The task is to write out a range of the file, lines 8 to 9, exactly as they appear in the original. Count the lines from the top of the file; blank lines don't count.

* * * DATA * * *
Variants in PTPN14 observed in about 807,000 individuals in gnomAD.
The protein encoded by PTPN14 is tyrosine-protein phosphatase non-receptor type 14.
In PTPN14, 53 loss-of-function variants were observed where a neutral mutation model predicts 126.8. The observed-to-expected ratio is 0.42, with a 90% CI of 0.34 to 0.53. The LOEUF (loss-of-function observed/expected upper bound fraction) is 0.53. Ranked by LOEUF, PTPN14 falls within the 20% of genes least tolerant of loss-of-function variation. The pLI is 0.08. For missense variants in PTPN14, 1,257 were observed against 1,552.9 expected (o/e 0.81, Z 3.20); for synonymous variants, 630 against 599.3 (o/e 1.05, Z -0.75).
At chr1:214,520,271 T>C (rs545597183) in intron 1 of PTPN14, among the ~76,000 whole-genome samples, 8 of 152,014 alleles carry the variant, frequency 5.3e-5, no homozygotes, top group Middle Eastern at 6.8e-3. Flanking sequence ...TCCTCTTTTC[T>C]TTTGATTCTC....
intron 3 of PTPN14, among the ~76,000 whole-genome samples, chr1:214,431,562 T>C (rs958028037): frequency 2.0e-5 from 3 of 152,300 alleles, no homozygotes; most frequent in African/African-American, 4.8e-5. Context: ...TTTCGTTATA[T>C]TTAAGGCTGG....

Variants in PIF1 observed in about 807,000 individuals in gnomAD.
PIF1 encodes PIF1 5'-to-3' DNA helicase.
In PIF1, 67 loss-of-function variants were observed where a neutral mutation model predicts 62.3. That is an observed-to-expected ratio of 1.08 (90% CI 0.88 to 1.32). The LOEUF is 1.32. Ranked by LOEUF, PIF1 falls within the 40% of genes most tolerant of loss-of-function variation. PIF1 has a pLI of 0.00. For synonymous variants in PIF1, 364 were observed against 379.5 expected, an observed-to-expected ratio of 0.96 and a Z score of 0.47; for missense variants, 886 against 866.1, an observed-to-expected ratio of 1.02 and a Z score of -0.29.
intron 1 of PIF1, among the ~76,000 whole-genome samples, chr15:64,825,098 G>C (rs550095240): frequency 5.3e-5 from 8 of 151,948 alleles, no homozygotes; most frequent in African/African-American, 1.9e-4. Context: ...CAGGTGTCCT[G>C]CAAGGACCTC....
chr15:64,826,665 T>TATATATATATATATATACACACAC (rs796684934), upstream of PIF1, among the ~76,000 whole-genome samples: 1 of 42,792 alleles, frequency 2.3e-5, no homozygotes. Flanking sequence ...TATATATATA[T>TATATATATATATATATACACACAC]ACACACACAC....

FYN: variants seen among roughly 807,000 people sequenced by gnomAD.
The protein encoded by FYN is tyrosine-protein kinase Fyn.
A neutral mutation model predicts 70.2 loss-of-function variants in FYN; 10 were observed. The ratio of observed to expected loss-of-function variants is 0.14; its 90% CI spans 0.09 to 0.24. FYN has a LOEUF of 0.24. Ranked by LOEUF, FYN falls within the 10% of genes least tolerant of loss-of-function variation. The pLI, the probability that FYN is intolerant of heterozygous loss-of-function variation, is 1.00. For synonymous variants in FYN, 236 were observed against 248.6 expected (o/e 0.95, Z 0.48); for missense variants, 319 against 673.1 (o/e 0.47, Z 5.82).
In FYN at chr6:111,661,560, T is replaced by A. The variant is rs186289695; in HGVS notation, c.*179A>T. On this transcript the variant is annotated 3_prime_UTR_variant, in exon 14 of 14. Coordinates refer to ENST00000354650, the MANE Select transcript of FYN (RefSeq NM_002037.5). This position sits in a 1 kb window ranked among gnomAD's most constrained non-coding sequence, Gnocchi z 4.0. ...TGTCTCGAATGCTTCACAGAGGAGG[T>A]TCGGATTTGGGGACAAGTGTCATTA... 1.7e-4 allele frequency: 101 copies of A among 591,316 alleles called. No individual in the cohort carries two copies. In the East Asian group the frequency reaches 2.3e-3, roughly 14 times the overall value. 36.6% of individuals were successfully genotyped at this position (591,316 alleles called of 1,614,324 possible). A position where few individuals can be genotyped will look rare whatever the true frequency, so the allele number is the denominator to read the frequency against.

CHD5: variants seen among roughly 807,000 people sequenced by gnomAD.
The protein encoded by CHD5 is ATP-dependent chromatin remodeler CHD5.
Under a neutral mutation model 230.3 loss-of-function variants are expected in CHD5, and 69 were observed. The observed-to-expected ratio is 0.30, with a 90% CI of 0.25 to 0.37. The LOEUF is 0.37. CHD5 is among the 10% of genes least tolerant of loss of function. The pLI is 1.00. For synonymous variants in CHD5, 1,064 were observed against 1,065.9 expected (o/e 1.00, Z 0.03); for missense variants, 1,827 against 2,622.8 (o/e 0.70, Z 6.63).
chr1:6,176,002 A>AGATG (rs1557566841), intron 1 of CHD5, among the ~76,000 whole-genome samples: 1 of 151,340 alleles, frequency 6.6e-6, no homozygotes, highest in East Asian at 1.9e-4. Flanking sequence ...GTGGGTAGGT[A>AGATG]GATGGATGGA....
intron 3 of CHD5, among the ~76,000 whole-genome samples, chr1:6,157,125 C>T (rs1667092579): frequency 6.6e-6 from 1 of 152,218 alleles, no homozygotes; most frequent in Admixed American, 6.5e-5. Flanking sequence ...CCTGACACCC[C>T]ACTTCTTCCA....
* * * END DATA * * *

In PIF1, 67 loss-of-function variants were observed where a neutral mutation model predicts 62.3. That is an observed-to-expected ratio of 1.08 (90% CI 0.88 to 1.32). The LOEUF is 1.32. Ranked by LOEUF, PIF1 falls within the 40% of genes most tolerant of loss-of-function variation. PIF1 has a pLI of 0.00. For synonymous variants in PIF1, 364 were observed against 379.5 expected, an observed-to-expected ratio of 0.96 and a Z score of 0.47; for missense variants, 886 against 866.1, an observed-to-expected ratio of 1.02 and a Z score of -0.29.
intron 1 of PIF1, among the ~76,000 whole-genome samples, chr15:64,825,098 G>C (rs550095240): frequency 5.3e-5 from 8 of 151,948 alleles, no homozygotes; most frequent in African/African-American, 1.9e-4. Context: ...CAGGTGTCCT[G>C]CAAGGACCTC....